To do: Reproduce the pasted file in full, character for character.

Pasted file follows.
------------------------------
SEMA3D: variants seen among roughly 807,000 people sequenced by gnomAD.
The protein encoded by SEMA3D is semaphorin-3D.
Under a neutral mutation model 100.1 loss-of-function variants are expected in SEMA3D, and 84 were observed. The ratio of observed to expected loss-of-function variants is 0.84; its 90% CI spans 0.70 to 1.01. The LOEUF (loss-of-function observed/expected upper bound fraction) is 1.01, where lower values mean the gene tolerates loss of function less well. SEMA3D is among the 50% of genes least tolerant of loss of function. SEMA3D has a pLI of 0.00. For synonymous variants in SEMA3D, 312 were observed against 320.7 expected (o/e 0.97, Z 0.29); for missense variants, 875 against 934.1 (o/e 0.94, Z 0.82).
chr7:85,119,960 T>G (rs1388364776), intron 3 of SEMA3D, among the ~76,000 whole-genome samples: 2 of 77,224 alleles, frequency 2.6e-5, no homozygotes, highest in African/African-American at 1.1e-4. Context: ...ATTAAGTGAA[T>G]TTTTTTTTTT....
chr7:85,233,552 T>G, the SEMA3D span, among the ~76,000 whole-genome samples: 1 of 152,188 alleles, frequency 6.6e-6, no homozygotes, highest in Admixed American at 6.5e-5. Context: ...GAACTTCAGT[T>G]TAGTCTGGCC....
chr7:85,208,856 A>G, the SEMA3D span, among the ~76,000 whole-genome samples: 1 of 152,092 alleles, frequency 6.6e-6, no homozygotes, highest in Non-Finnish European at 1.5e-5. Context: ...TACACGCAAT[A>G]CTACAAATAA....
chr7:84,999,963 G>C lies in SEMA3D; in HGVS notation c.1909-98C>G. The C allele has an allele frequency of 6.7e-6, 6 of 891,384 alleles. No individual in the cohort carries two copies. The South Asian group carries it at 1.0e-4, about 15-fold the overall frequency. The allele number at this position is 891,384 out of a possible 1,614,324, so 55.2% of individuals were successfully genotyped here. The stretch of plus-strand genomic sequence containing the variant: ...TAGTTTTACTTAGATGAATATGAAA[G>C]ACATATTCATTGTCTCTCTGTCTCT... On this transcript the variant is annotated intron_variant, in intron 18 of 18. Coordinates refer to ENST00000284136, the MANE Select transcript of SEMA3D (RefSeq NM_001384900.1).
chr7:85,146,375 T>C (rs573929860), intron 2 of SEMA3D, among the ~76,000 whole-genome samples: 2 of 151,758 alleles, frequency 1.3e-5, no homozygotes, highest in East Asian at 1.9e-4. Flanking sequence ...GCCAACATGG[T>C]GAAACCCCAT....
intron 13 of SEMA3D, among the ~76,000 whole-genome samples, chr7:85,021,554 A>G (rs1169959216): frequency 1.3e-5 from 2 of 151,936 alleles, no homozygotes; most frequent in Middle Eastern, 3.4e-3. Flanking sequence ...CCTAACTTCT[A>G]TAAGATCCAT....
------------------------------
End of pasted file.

SEMA3D: variants seen among roughly 807,000 people sequenced by gnomAD.
The protein encoded by SEMA3D is semaphorin-3D.
Under a neutral mutation model 100.1 loss-of-function variants are expected in SEMA3D, and 84 were observed. The ratio of observed to expected loss-of-function variants is 0.84; its 90% CI spans 0.70 to 1.01. The LOEUF (loss-of-function observed/expected upper bound fraction) is 1.01, where lower values mean the gene tolerates loss of function less well. SEMA3D is among the 50% of genes least tolerant of loss of function. SEMA3D has a pLI of 0.00. For synonymous variants in SEMA3D, 312 were observed against 320.7 expected (o/e 0.97, Z 0.29); for missense variants, 875 against 934.1 (o/e 0.94, Z 0.82).
chr7:85,119,960 T>G (rs1388364776), intron 3 of SEMA3D, among the ~76,000 whole-genome samples: 2 of 77,224 alleles, frequency 2.6e-5, no homozygotes, highest in African/African-American at 1.1e-4. Context: ...ATTAAGTGAA[T>G]TTTTTTTTTT....
chr7:85,233,552 T>G, the SEMA3D span, among the ~76,000 whole-genome samples: 1 of 152,188 alleles, frequency 6.6e-6, no homozygotes, highest in Admixed American at 6.5e-5. Context: ...GAACTTCAGT[T>G]TAGTCTGGCC....
chr7:85,208,856 A>G, the SEMA3D span, among the ~76,000 whole-genome samples: 1 of 152,092 alleles, frequency 6.6e-6, no homozygotes, highest in Non-Finnish European at 1.5e-5. Context: ...TACACGCAAT[A>G]CTACAAATAA....
chr7:84,999,963 G>C lies in SEMA3D; in HGVS notation c.1909-98C>G. The C allele has an allele frequency of 6.7e-6, 6 of 891,384 alleles. No individual in the cohort carries two copies. The South Asian group carries it at 1.0e-4, about 15-fold the overall frequency. The allele number at this position is 891,384 out of a possible 1,614,324, so 55.2% of individuals were successfully genotyped here. The stretch of plus-strand genomic sequence containing the variant: ...TAGTTTTACTTAGATGAATATGAAA[G>C]ACATATTCATTGTCTCTCTGTCTCT... On this transcript the variant is annotated intron_variant, in intron 18 of 18. Coordinates refer to ENST00000284136, the MANE Select transcript of SEMA3D (RefSeq NM_001384900.1).
chr7:85,146,375 T>C (rs573929860), intron 2 of SEMA3D, among the ~76,000 whole-genome samples: 2 of 151,758 alleles, frequency 1.3e-5, no homozygotes, highest in East Asian at 1.9e-4. Flanking sequence ...GCCAACATGG[T>C]GAAACCCCAT....
intron 13 of SEMA3D, among the ~76,000 whole-genome samples, chr7:85,021,554 A>G (rs1169959216): frequency 1.3e-5 from 2 of 151,936 alleles, no homozygotes; most frequent in Middle Eastern, 3.4e-3. Flanking sequence ...CCTAACTTCT[A>G]TAAGATCCAT....